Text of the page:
(Bloomberg) — For both homebuyers and office-seekers, one thing is true about Manhattan’s Financial District: There’s lots of space for the taking.
A boom in luxury-condo construction, aimed at people wanting to live near work, has saddled the area with the most unsold inventory of any neighborhood in New York City. Some of those units haven’t even come to market yet. One project alone — Macklowe Properties’ One Wall Street — is promising 565 apartments when sales start later this year.
Meanwhile, lower Manhattan office life is shrinking, with available space downtown reaching its highest level in data going back to 2000, according to brokerage Savills. Companies such as Conde Nast and Uber Technologies Inc., which made headlines when they moved into new World Trade Center towers, are now trying to sublease chunks of their real estate. Other tenants are also scaling back, an acknowledgment that employees will work at least partly from home in the post-Covid world.
That raises the question of what will happen to all those new condos if buying a place near the office is no longer a priority, according to Kael Goodman, founder of new-development data firm Marketproof Inc.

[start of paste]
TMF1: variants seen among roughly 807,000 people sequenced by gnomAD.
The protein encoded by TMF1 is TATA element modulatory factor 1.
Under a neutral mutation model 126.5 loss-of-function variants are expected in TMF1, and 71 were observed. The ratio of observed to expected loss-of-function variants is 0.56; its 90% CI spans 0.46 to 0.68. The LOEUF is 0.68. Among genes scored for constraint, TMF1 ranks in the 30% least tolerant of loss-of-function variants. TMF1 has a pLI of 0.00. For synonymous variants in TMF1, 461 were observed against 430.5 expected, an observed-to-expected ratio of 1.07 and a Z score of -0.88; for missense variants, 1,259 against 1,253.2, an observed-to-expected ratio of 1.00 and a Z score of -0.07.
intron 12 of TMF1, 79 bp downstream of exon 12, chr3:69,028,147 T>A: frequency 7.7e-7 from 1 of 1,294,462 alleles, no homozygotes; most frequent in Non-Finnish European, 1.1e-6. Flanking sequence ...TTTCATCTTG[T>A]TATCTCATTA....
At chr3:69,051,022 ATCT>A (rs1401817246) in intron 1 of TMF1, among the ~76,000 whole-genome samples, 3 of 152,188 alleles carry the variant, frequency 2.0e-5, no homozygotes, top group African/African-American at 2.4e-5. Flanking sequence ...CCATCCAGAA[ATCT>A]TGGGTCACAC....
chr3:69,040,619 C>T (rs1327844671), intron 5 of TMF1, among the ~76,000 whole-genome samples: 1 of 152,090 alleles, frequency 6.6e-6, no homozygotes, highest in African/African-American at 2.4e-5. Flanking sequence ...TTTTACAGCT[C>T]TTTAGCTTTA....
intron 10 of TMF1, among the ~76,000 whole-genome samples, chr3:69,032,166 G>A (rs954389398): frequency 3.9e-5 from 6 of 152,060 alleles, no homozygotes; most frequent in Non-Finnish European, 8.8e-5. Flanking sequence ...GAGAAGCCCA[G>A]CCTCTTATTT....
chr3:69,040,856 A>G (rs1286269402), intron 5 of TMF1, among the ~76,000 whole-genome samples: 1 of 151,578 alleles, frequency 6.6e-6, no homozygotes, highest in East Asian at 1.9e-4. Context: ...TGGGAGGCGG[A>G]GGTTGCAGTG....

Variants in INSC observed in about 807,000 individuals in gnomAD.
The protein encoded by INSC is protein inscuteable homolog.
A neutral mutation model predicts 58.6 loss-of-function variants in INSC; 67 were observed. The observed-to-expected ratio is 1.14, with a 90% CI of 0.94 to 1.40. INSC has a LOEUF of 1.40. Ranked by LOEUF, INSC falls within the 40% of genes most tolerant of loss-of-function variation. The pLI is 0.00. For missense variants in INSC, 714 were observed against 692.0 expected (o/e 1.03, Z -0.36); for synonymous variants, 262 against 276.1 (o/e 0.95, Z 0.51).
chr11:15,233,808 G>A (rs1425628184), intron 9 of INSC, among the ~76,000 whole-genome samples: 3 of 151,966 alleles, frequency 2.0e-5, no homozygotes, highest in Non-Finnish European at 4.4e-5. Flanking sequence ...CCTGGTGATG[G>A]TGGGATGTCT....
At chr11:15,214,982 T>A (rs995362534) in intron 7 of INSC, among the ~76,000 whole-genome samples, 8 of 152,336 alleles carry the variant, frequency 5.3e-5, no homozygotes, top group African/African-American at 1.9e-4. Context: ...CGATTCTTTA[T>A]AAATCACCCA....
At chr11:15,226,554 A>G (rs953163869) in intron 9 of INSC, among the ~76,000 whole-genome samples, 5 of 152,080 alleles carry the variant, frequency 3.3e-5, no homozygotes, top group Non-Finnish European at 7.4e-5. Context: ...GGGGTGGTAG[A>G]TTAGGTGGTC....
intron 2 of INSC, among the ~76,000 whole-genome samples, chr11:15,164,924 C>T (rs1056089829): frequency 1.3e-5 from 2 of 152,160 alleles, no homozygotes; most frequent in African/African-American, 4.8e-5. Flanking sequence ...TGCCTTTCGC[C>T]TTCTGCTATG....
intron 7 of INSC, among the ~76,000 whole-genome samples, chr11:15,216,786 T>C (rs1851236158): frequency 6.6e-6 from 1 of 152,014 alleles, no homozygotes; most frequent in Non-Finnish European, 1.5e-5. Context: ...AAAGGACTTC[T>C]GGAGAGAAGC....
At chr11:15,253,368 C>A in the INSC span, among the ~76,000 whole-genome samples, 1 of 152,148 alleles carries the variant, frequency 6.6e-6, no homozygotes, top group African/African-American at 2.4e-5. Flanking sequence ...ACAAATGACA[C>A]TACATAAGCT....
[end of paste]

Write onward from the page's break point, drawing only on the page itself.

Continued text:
“That part of Manhattan is very specifically about work,” Goodman said. “And if our relationship to work has changed, then things down there are going to change.”
Once a neighborhood of banks, government workers and quick-serve delis, the Financial District evolved into a more-residential area in the years since the 9/11 attacks, when apartment developers swooped in after office tenants vacated historic buildings.
From 2000 to 2019, the number of lower Manhattan residents nearly tripled to 64,000, including an influx of families with children, according to an estimate by the Downtown Alliance. While Covid-19 sent many fleeing, the area’s population has returned to 85% of its pre-pandemic level, the group said this week.
For anyone seeking a home in the Financial District, there’s plenty to choose from. The neighborhood has 1,433 newly developed, unsold condos, more than half of which haven’t yet been listed for sale, according to Marketproof.
One Wall Street developer Harry Macklowe, who is undertaking the largest condo conversion in New York history at the landmarked Irving Trust Co. Building, is sticking to his pre-pandemic plan for a 565-unit tower, where the starting price for a one-bedroom is $1.93 million, according to legal filings.
Sales at the 50-story project, with a Whole Foods Market at its base, will start in September, said Elizabeth Stribling, vice chairman of New York development at Compass, the brokerage that will market the apartments.
“It’s absolutely going to be a challenge to sell all those units,” said Orest Tomaselli, chief executive officer of National Condo Advisors. For a building to legally qualify as a condo in New York, 15% of its units — about 85, in Macklowe’s case — need to be in contract. And most lenders won’t offer mortgages until sales reach at last 30%, Tomaselli said.
Stribling declined to comment on any potential sales challenges at Macklowe’s tower.